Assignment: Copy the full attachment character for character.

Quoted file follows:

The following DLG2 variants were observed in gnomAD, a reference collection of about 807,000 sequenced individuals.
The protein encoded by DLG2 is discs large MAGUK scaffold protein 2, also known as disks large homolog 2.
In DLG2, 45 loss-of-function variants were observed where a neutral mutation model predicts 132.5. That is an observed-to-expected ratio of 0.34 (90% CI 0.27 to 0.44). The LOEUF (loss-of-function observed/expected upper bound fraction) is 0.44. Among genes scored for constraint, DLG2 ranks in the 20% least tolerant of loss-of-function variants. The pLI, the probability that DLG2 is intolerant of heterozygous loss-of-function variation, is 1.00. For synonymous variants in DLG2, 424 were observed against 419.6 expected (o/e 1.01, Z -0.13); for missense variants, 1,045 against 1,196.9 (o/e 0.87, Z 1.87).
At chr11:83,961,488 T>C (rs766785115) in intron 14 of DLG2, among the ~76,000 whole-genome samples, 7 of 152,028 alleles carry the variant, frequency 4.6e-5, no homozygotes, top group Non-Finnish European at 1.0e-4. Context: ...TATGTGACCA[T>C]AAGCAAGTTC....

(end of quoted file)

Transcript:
The following DLG2 variants were observed in gnomAD, a reference collection of about 807,000 sequenced individuals.
The protein encoded by DLG2 is discs large MAGUK scaffold protein 2, also known as disks large homolog 2.
In DLG2, 45 loss-of-function variants were observed where a neutral mutation model predicts 132.5. That is an observed-to-expected ratio of 0.34 (90% CI 0.27 to 0.44). The LOEUF (loss-of-function observed/expected upper bound fraction) is 0.44. Among genes scored for constraint, DLG2 ranks in the 20% least tolerant of loss-of-function variants. The pLI, the probability that DLG2 is intolerant of heterozygous loss-of-function variation, is 1.00. For synonymous variants in DLG2, 424 were observed against 419.6 expected (o/e 1.01, Z -0.13); for missense variants, 1,045 against 1,196.9 (o/e 0.87, Z 1.87).
At chr11:83,961,488 T>C (rs766785115) in intron 14 of DLG2, among the ~76,000 whole-genome samples, 7 of 152,028 alleles carry the variant, frequency 4.6e-5, no homozygotes, top group Non-Finnish European at 1.0e-4. Context: ...TATGTGACCA[T>C]AAGCAAGTTC....